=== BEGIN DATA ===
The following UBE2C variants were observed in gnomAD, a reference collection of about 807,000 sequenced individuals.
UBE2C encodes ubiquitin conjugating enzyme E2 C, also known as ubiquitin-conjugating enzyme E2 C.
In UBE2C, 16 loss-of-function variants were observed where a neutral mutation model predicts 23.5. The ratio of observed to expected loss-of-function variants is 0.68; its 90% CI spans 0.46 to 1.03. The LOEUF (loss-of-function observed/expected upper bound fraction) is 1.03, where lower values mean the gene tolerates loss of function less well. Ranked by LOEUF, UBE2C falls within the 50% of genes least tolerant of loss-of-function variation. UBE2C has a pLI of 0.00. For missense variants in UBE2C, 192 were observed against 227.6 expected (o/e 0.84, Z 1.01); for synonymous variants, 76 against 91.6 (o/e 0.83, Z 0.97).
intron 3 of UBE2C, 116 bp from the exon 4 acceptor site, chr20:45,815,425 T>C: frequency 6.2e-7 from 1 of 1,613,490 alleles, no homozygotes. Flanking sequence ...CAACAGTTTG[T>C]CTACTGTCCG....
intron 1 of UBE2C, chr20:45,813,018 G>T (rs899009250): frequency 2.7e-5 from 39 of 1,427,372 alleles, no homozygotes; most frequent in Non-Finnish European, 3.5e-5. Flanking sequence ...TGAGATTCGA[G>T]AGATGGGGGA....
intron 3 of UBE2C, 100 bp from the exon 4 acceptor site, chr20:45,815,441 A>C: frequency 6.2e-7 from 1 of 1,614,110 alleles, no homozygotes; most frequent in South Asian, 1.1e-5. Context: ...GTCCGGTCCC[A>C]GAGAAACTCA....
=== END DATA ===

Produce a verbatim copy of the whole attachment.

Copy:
The following UBE2C variants were observed in gnomAD, a reference collection of about 807,000 sequenced individuals.
UBE2C encodes ubiquitin conjugating enzyme E2 C, also known as ubiquitin-conjugating enzyme E2 C.
In UBE2C, 16 loss-of-function variants were observed where a neutral mutation model predicts 23.5. The ratio of observed to expected loss-of-function variants is 0.68; its 90% CI spans 0.46 to 1.03. The LOEUF (loss-of-function observed/expected upper bound fraction) is 1.03, where lower values mean the gene tolerates loss of function less well. Ranked by LOEUF, UBE2C falls within the 50% of genes least tolerant of loss-of-function variation. UBE2C has a pLI of 0.00. For missense variants in UBE2C, 192 were observed against 227.6 expected (o/e 0.84, Z 1.01); for synonymous variants, 76 against 91.6 (o/e 0.83, Z 0.97).
intron 3 of UBE2C, 116 bp from the exon 4 acceptor site, chr20:45,815,425 T>C: frequency 6.2e-7 from 1 of 1,613,490 alleles, no homozygotes. Flanking sequence ...CAACAGTTTG[T>C]CTACTGTCCG....
intron 1 of UBE2C, chr20:45,813,018 G>T (rs899009250): frequency 2.7e-5 from 39 of 1,427,372 alleles, no homozygotes; most frequent in Non-Finnish European, 3.5e-5. Flanking sequence ...TGAGATTCGA[G>T]AGATGGGGGA....
intron 3 of UBE2C, 100 bp from the exon 4 acceptor site, chr20:45,815,441 A>C: frequency 6.2e-7 from 1 of 1,614,110 alleles, no homozygotes; most frequent in South Asian, 1.1e-5. Context: ...GTCCGGTCCC[A>C]GAGAAACTCA....